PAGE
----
“Sweden and the other Nordic countries are world leaders when it comes to cash-free trade,” Bengt Nilervall of the Swedish Trade Federation told news agency TT.
Swedes use debit and credit cards more or less on a daily basis, with an average of 260 transactions per person per year.
More and more street vendors have started accepting card payments, too. In southern and western Sweden, homeless magazine vendors have even started using small card terminals.
“Now, it’s harder for people to say they don’t want a magazine because they don’t have any money on them,” said Hasse Olsson, who sells the magazine Faktum outside the Malmö city library in southern Sweden. Faktum vendors buy magazine copies for SEK 25, sell them for 50 and keep the profit.
More and more bank branches have stopped handling cash, which has contributed to a drop in bank robberies. In 2012, there were five bank robberies in Sweden and the year before there were 11, the lowest figures in 30 years, according to the Swedish Bankers’ Association.
In southern Europe, things look very different. In Italy, for instance, only three quarters of all consumer purchases are done with cash.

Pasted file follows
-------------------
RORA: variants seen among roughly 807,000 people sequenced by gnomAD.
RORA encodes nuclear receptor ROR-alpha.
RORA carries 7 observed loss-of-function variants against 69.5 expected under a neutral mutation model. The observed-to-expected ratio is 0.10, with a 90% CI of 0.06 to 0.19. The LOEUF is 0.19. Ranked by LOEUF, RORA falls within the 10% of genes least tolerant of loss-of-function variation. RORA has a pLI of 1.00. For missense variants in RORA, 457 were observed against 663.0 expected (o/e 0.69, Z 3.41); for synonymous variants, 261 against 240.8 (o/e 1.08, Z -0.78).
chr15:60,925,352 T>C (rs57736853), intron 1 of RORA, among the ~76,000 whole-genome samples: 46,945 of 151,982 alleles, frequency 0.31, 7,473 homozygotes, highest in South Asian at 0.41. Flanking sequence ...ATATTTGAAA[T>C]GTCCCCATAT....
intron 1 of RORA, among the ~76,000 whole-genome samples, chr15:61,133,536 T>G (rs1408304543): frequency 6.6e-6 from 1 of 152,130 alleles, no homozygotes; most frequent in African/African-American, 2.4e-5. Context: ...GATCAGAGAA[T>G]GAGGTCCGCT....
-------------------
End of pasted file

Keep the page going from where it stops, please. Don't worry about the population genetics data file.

“That is because there is a lack of trust in the authorities and in the banking system,” Niklas Arvidsson, an associate professor in industry dynamics, explained.
Arvidsson believes that Sweden can become completely cashless, but not until 2030. A halting factor could be “people’s feeling for having ready cash in their hands,” he said. In a recent survey by pollster Sifo, two out of three respondents said that cash is a “human right”.
Swedish industry, banks and payment card companies welcome the cashless trend, of course. Going cashless would mean improved security for staff and customers, they say, and it is quite expensive to handle cash. Recently, the annual net cost in Sweden alone was SEK 8.7 billion, which corresponds to 0.3 percent of the country’s GDP.